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Traffic deaths spike in last two years
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By James MejÝa

According to the Colorado Department of Transportation, traffic fatalities have increased dramatically in the past few years. Improved safety technology including anti-lock brakes, rear view cameras and air bags havenĺt been able to overcome motorists not wearing seat belts or helmets, drinking and driving and distracted driving.

According to 2016 CDOT data, driving deaths jumped from 488 in 2014 to 605 in 2016, an increase of 24 percent in two years. The state trend surpasses national data by a large margin ľ countrywide fatalities increased by eight percent. This is particularly discouraging data considering the dramatic 34 percent decrease in Colorado crashes ending in death from 2002 to 2014. The last time Colorado traffic deaths surpassed 600 was in 2005 when 606 deaths were recorded.

Passenger deaths comprised 63percent of all incidents. In nearly half those fatalities (49 percent), passengers were not wearing seat belts. Overall, 16 percent of automobile travelers do not use seat belts, pointing to lack of seat belt use as a major risk factor for traffic accident death. In a press release, CDOT Executive Director Shailen Bhatt underscored a lack of seat belt use as a prime factor in fatalities, ôA lot can be done to mitigate the increase; for example, if everyone buckled up we could save over 60 lives per year.ö In a January press conference, Bhatt pointed to personal habits and responsibility as the culprit in the majority of motorist fatalities.

Colorado does not have a primary seat belt law whereby drivers and front seat passengers can be stopped for not wearing a seat belt. As a secondary offense, drivers can be ticketed for not wearing a seat belt, but only if stopped for another violation. However, child passenger seat belts are mandatory and a primary offense, motorists can be stopped for not complying with child seat belt laws.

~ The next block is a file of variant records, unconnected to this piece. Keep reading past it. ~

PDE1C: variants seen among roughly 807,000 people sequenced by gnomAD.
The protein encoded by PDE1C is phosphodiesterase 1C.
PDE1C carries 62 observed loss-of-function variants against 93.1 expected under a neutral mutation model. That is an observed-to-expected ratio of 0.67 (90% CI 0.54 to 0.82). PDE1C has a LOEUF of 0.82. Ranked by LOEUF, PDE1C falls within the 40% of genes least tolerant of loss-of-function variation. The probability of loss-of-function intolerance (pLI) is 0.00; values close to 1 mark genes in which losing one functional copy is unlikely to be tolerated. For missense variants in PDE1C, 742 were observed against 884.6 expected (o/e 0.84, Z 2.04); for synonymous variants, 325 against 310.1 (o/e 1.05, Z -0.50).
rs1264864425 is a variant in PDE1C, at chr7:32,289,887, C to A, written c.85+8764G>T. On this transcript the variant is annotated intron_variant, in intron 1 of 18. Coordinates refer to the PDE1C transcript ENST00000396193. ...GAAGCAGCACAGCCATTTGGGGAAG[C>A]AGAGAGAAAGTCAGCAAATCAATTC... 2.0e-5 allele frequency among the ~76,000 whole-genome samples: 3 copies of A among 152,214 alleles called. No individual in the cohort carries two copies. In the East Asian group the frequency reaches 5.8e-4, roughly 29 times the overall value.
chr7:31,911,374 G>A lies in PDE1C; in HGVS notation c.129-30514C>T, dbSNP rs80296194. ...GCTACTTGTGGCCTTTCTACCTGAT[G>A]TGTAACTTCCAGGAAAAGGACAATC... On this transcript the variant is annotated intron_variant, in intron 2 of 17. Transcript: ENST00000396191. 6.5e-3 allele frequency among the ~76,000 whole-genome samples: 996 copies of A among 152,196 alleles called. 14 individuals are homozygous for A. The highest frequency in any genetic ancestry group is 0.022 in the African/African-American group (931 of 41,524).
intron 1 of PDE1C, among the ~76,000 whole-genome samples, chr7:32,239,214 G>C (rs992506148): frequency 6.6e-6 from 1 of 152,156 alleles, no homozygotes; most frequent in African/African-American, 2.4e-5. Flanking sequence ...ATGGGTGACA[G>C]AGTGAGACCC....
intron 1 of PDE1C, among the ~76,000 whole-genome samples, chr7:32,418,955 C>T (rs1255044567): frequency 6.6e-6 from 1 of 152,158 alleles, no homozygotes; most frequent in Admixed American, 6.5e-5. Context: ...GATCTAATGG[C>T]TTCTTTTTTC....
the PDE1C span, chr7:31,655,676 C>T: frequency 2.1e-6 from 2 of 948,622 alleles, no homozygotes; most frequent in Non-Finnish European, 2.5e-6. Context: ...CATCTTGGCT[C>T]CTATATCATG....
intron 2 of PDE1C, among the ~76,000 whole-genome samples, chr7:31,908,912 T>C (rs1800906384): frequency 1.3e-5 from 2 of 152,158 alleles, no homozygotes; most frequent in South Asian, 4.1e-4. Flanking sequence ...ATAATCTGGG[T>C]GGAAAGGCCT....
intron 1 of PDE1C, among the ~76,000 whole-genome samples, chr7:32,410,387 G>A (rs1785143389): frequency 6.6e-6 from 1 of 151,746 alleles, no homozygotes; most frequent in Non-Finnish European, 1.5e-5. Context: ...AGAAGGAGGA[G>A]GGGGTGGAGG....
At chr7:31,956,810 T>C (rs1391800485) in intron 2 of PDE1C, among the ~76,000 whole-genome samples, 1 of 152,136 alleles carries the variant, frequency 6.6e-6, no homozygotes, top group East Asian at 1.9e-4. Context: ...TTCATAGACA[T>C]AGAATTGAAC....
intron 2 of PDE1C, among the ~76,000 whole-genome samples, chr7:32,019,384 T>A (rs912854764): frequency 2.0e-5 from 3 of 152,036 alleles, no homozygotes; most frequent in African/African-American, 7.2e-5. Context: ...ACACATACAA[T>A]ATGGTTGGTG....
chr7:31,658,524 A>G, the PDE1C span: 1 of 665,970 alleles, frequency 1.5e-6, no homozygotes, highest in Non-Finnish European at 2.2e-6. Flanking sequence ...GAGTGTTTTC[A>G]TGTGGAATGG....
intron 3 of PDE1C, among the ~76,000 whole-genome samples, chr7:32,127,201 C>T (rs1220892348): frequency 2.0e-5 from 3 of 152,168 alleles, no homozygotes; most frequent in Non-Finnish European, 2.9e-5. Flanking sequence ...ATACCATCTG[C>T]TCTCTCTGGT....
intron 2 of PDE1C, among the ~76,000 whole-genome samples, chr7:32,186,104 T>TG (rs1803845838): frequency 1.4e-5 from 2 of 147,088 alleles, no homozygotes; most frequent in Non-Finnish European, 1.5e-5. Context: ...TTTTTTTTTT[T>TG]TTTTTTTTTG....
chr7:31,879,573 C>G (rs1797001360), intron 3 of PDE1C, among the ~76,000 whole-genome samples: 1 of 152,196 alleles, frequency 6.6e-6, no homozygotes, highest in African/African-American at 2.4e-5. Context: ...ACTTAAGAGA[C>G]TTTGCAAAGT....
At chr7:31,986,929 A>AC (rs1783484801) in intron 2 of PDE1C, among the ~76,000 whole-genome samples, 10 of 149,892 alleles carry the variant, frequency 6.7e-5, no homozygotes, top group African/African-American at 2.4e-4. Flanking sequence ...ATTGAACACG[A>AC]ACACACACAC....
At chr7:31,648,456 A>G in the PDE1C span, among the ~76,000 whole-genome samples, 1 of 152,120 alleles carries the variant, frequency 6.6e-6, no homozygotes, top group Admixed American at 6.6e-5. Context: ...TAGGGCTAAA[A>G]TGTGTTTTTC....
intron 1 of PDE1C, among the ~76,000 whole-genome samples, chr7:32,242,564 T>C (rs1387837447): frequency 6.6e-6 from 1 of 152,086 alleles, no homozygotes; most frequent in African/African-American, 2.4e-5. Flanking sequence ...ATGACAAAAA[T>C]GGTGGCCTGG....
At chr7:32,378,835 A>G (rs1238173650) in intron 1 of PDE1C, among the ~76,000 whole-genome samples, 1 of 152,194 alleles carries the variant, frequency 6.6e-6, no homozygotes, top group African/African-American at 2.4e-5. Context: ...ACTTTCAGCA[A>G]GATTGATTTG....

The department launched a public awareness campaign to increase seat belt use, and is partnering with non-profits throughout the state to stem the one-third of traffic deaths related to alcohol use (196 in total). In March, CDOT sent a 9-foot grenade around the state with the message, ôAn unbuckled passenger can be just as deadly,ö highlighting the danger that an unbuckled passenger is to themselves and others involved in a crash.

Motorcycles are well over represented in fatal crashes, accounting for 125 of the deaths last year, or 21 percent of the total. Motorcycle accident death increased a staggering 50 percent from 2012 and 18 percent from 2015-2016. This marks the highest rate of motorcycle traffic deaths in state history; most neglected to wear a helmet. In CDOTĺs ĹLive to Rideĺ motorcycle campaign, the department emphasizes proper training, protective gear and sober riding.

Pedestrian death from auto accidents reached new levels as well. Eighty-four fatalities were recorded in 2016, an increase of nearly one-third from the previous year. Bicyclist deaths also show a substantial uptick from the decade before 2012. In 2012 the high watermark for cyclist deaths,
accounted for 2.7 percent of the total, slightly more than 2015 and 2016 when cyclists accounted for 2.6 percent of total traffic fatalities. Some of this is accounted for in the increase of cycling commuters, but outpaces overall state population growth which is under 2 percent.

The top three counties accounting for the majority of traffic fatalities are grouped tightly together ľ Adams had 60, Weld had 56, and Denver 54. El Paso County was ranked fourth with 46 deaths in 2016.

Colorado is on track to decrease traffic fatalities this year. In the first four months of the year, state roadways witnessed 157 traffic deaths. Denver is the city with the highest death rate with 13, Colorado Springs follows with 11. Of all statewide deaths, 36 percent were fatalities involving impaired drivers, a lower rate than recorded in the last few years. If current trends continue, motorist deaths could be as much as 22 percent lower this year.

The Colorado State Patrol responds to highway accidents. CSP Chief Scott Hernandez joined CDOT in the safety press release encouraging safety first, ôWe encourage drivers to make good decisionsů drive soberů buckling up, dropping the distractions and focusing on driving.ö





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